SALT LAKE CITY — A Thursday rally at the Utah Capitol was the kickoff for a referendum drive aimed at gathering the 95,000 signatures needed to call a referendum election with the hope of repealing HB477.
The Legislature fast-tracked HB477 in the last days of the legislative session, pushing through wide-ranging changes to the Government Records Access and Management Act (GRAMA) just two days after they were unveiled.
In an interview after the rally, House Speaker Becky Lockhart, R-Provo, said she thinks the referendum and initiative process is great. "I'm a process person, and it's part of how the process works."
Lockhart would not directly answer two key questions about the bill — specifically, who was behind the bill, and whether she regrets how HB477 was handled — saying only that the bill "has given us the opportunity, the great opportunity to have this discussion, to engage the public." She was referring to a working committee that will review the bill, presumably before a special legislative session that could result in amendments before HB477 becomes law on July 1.
Lockhart said she, Senate President Michael Waddoups, R-Taylorsville, and Gov. Gary Herbert's office were choosing the committee's membership.
HB477 largely exempts the Legislature and several forms of electronic communication from GRAMA, increases fees for records requests and removes language favoring openness.
Herbert said Thursday he believes HB477 will be repealed, though his definition of "repeal" seems to fall short of what opponents want.
"I think that process is starting now in another venue," he said. "Like most people, not only was I uncomfortable with the process, I'm uncomfortable with the product."
The governor said he wants discussions about further changes to GRAMA to begin "sooner rather than later," and that he still intends to call a special session in June, though it could happen earlier if consensus is reached.
"I think the longer this sits, the worse it becomes," Herbert said. "If we could do that in the next 30 days, that would be perfectly OK with me."
Both Herbert and Lockhart said they are sure the bill will look different soon. "I would say there is zero chance that 477 as it exists today will be law in July," Lockhart said.
But opponents don't want to take any chances and are working to see the bill repealed through a referendum vote.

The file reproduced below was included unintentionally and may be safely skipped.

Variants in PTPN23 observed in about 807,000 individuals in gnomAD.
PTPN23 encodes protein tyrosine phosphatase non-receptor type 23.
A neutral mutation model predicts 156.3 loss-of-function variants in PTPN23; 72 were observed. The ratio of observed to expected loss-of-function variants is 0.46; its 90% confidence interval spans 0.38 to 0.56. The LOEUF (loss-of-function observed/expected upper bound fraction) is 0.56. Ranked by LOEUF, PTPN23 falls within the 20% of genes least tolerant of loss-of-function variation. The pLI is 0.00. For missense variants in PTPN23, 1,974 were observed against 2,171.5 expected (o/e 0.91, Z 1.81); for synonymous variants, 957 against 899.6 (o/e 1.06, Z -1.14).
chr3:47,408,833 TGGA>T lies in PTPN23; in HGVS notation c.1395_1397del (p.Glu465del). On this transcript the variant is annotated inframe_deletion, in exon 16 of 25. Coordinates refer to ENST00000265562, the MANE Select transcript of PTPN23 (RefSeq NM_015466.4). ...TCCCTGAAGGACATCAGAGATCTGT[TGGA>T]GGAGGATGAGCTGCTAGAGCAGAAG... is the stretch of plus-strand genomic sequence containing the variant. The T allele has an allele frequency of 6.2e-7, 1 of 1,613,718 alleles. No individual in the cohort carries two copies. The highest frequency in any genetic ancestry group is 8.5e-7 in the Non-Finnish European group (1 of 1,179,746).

With liberal former Salt Lake City Mayor Rocky Anderson sharing a podium with Utah tea party organizer David Kirkham, rally organizers took turns sharing their views on how the bill would harm Utahns' ability to access the workings of state and local government.
Legislators made issue of the government costs of accommodating requests for information under GRAMA's rules. "But that's the cost of doing the public's business," Anderson said.
Participants who spoke at the rally or are listed as opposing the bill included the Utah League of Women Voters, Utah Foundation for Open Government, the American Civil Liberties Union, Utahns for Ethical Government, the Utah Democratic Party, Heal Utah, the Utah League of Independent Voters, Utah Moms for Clean Air, Common Cause and the tea party. The Society of Professional Journalists is also opposing the bill, though no media organizations spoke at the rally.
Rep. Joel Briscoe, D-Salt Lake, who voted against the bill, was the only Utah legislator attending Thursday's event. "Republican senators told me coming out of the bathroom this thing would blow over in a week. It's now been two weeks" since the legislative session ended. "These are dark days for the Legislature and democracy."
Common Cause President and CEO Bob Edgar was the notable non-Utahn at the rally, traveling to Salt Lake City from Washington, D.C., to voice his concern for the effects of HB477, which he believes are not isolated. "There is a major national effort to dissolve transparency laws," he said. "We were here in the ’90s to help the League of Women Voters get (GRAMA) in place. We're back now to help save it."
Steve Maxfield, chairman of the SaveGRAMA Citizens Coalition, compared the bill's language that would allow legislators to keep private the text messages they send and receive on state-owned cell phones to "sexting" among teenagers. "Now we have 'lexting.' Lexting is the prostitution of our state government to lobbyists," he said.
The referendum application was filed hours before Herbert signed another bill, SB165, which bans electronic petition signatures. It remains unclear whether that would allow the use of e-signatures in the referendum drive. SB165 took effect immediately since it passed both houses with a two-thirds majority.
On Wednesday, the national Society of Professional Journalists gave Utah its first-ever "Black Hole Award" to highlight the new records law, which it said makes Utah the most secretive state in the nation.
Rep. Carl Wimmer, R-Herriman, called for its repeal on Wednesday, saying HB477 is the wrong approach to balancing access and privacy. Earlier in the week, Rep. Kraig Powell, R-Heber City, apologized for his "yes" vote.
Copyright 2016, Deseret News Publishing Company